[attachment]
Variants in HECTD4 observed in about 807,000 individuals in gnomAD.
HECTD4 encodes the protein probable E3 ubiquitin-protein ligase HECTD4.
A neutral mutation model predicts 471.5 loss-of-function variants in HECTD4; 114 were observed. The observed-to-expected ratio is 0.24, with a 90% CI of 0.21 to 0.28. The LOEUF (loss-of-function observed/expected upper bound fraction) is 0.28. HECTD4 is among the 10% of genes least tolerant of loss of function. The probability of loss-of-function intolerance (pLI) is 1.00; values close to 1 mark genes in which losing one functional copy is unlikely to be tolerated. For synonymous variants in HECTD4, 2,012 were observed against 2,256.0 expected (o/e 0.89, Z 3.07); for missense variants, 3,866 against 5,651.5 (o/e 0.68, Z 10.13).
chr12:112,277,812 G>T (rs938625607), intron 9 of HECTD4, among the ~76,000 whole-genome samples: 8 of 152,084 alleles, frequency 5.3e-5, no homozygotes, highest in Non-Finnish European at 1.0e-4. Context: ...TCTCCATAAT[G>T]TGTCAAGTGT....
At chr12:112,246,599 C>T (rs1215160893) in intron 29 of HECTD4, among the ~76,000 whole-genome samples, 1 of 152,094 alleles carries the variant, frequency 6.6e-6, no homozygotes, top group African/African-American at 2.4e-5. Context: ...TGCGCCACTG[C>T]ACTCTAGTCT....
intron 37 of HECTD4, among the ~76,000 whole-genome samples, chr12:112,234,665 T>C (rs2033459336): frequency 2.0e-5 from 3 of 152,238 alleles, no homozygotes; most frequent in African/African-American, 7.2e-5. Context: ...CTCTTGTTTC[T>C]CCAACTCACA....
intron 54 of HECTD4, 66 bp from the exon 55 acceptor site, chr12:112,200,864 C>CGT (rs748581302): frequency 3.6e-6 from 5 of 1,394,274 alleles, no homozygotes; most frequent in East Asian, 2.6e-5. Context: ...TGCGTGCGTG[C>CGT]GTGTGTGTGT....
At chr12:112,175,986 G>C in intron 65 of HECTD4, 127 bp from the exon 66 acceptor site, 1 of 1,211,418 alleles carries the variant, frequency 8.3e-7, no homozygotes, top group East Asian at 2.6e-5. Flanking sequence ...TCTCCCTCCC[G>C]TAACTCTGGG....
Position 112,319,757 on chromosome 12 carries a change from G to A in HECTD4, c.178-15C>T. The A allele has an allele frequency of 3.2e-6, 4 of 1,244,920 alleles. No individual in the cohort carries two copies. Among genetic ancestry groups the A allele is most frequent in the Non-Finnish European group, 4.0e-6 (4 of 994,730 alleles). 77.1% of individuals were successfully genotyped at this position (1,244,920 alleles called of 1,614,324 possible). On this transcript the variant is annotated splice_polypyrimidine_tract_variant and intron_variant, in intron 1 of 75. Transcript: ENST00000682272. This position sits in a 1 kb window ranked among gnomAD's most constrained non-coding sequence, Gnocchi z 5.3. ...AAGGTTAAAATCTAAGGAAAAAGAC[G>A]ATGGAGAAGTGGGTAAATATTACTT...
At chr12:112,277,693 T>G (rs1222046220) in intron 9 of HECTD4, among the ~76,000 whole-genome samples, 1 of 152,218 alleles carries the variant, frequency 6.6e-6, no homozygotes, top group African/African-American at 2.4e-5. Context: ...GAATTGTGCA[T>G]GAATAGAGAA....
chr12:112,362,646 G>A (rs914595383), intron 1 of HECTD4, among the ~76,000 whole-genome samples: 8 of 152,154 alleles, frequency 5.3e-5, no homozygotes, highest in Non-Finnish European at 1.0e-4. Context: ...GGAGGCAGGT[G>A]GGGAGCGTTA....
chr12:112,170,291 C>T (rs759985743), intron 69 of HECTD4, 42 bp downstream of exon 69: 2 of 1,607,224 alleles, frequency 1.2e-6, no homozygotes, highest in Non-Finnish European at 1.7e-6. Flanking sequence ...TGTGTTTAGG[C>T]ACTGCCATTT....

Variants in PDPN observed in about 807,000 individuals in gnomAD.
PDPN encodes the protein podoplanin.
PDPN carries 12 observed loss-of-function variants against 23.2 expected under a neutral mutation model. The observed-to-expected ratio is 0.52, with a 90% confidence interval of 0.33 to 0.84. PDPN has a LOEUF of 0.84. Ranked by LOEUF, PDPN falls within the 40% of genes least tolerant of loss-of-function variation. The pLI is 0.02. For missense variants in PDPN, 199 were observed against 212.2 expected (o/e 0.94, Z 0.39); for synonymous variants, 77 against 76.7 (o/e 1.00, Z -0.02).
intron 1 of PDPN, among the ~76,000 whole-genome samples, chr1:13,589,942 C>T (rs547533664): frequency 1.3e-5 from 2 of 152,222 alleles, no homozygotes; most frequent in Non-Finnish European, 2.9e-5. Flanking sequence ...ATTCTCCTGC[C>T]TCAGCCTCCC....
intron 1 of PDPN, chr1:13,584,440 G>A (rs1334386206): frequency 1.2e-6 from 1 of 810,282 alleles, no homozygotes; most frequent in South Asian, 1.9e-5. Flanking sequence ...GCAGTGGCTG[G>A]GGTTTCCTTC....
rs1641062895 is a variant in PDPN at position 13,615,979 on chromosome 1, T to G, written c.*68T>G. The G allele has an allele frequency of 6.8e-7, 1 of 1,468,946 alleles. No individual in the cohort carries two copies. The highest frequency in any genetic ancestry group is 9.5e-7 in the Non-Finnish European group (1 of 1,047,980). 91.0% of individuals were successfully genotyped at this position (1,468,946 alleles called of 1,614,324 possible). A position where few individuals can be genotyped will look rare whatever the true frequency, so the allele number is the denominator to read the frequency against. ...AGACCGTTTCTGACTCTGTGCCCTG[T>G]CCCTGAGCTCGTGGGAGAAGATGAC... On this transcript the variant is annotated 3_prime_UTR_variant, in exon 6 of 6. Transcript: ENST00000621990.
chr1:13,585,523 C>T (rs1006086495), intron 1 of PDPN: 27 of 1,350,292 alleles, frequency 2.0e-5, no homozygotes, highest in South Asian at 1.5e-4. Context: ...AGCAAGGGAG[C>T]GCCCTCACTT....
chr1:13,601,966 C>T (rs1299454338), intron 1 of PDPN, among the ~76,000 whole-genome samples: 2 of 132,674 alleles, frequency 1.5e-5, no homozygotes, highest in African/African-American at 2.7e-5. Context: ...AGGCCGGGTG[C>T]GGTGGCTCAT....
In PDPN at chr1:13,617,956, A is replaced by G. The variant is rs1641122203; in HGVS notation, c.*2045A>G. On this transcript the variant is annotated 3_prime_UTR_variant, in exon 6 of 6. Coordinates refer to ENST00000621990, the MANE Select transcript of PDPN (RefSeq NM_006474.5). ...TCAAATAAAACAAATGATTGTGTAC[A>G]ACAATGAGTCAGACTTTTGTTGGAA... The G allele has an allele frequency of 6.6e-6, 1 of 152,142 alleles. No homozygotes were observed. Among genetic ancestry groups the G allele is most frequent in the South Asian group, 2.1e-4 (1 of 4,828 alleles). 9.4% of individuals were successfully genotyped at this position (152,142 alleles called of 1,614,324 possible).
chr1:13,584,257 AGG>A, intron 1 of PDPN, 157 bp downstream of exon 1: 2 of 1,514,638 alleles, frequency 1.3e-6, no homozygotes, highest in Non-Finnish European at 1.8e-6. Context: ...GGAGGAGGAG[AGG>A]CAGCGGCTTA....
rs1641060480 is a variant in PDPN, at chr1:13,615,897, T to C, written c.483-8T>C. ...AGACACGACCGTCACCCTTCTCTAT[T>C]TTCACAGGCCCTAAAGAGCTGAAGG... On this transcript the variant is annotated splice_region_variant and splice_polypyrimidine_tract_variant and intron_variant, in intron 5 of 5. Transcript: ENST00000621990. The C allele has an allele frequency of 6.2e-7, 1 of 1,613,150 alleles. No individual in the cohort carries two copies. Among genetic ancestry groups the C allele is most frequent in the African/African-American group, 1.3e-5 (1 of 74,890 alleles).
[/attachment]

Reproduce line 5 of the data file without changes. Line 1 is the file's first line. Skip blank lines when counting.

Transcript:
At chr12:112,246,599 C>T (rs1215160893) in intron 29 of HECTD4, among the ~76,000 whole-genome samples, 1 of 152,094 alleles carries the variant, frequency 6.6e-6, no homozygotes, top group African/African-American at 2.4e-5. Context: ...TGCGCCACTG[C>T]ACTCTAGTCT....